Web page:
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post #1 of 5 Old 07-28-2002 Thread Starter
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toilet replacement

I''m looking for as much information as possible on finding the best type of toilet.
I''ve been trying to find out about the vac u flush system, and where to buy. If there is anyone that has a better type to recommend please do so!

thanks for all input
Rich
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post #2 of 5 Old 07-28-2002
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toilet replacement

Richard, I''ve not used a Vacu-Flush altho'', if we''re talking about the same head, I''ve heard cruising sailors complain about the need for frequent seat seal replacement (so the vacuum can be maintained), the initial cost and, in some cases, the need to use fresh water (more of an issue when boats with smaller tankage can''t run their watermakers and perhaps have larger crews).

As one alternative, I''d suggest you look at the Raritan PHII head. I''ve heard it praised by many users, it''s inexpensive, repair kits are widely available, it can be converted to an electric model (not my recommendation) if the crew requires it, and it''s relatively robust given its weight, size & cost. Perhaps its best feature (here comes the opinion of the guy who has to fix things...) is that you can buy an entire spare pump assembly for the cost of several repair kits. What this means is that, should the head pump fail while crew are aboard and ''in need'', putting the head back in action is a simple unbolt/rebolt affair taking a few minutes. You can carry the failed pump assembly home and rebuild it at your leisure after the boat returns to the dock. Especially if you find yourself underway for a period of time with crew that aren''t excited about using the ship''s bucket, this sure beats trying to rebuild the pump while all the little parts roll around the cockpit.

If this head is mounted athwartships, I think it has a structural weakness - like many other heads, the seat is attached with plastic hinges and can fail & come adrift in a seaway. A simple solution is to screw on small wooden cleats on the underside of the seat, one on each side, where they will rest up against the china bowl. The seat will be unable to slide and the hinges won''t feel the strain of the weight they would otherwise be carrying.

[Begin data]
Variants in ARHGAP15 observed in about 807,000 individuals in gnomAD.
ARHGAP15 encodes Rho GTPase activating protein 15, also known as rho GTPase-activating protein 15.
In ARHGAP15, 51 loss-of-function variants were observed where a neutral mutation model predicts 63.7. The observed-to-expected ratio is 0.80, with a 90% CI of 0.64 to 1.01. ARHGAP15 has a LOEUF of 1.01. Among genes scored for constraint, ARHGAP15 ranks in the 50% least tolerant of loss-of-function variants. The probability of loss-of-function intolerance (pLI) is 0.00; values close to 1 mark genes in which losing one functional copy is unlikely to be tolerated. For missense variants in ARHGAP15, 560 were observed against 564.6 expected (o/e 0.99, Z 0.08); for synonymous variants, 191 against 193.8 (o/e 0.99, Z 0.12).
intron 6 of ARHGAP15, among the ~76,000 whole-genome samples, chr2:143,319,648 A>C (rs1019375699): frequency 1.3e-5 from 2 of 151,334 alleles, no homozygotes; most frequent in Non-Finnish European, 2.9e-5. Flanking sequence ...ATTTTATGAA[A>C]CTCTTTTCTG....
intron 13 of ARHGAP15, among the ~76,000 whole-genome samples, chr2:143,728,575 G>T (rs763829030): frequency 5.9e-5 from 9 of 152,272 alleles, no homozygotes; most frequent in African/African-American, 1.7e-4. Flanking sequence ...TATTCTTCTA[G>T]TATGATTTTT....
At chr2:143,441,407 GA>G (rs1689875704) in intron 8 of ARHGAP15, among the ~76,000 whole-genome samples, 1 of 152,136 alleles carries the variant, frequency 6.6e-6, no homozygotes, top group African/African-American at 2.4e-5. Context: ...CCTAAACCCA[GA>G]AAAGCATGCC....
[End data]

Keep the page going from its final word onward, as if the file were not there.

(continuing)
Good luck!

Jack
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post #3 of 5 Old 07-28-2002
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toilet replacement

I think you may be thinking of a Lavac which is a very popular head with distance cruisers because of its simplicity. I am not a fan of the lavac having used one on a boat that I raced on for many years.

The Raratan II is a good quality toilet for coastal cruising. I have one on my present boat and it seems to be reliable and easy to work on as well as having a reasonably priced rebuild kit [at least comapred to other manufacturers. I also really like the design of Raratan Cricket which uses a diapham type pump and so does not have the usual pump shaft seal maintenance problems.

For serious offshore stuff, the Wilcox Critenden Skipper (while extremely expensive) is very highly regarded. The Blake and Baby Blake are also considered to be top notch for the rigors of offshore work.

Jeff
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post #4 of 5 Old 07-29-2002 Thread Starter
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toilet replacement

Jeff, what did you not like about the Lavac? I''m building this boat for the past 3.5 years and expect a spring splash. I just completed the fairing and ready to start the pluming & electrical. This boat is intended for off shore cruising. The more input I get, the better I can plan for each step.

Agian, thanks for all input.
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post #5 of 5 Old 07-29-2002
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toilet replacement

I know that there are a lot of people who consider the Lavac to be a very good head and others who consider them to be as good as a hed can be, but my experiences with them have left me pretty unimpressed. For close to 8 years in the late 1980''s and early 1990''s I raced on a pair of Contessa 33''s equipped with Lavacs. The Lavac depends on a seal between the seat and the bowl. (actually two seals if I remember correctly, one on the seat and one on the lid.) When you flushed you put both the seat and the lid down and pumped creating a vacuum in the bowl and that vacuum sucked in water from outside the hull. You pumped for some predetermined number of strokes, waited 30 seconds or so and then lifted the lid to pump the bowl dry.

My biggest problem was with the seals which did not want to stay in place so you were constantly having to carefully reseat them in the groove. If the seal came out you could not flush. When you broke the seal there was a tendancy to spray the seat and lid with effluent making this an unsavory job. The some of my other problems with the Lavac centered on the fact that you were pumping blind and so could not tell if you had too much or not enough flushing. The Lavac also does not seem to have the same degree of ''wash down'' as some of the other heads that I have used. maybe this is just me but I just want to go and...well.. go. And I found the whole elaborate production involved in using the Lavac just too much.

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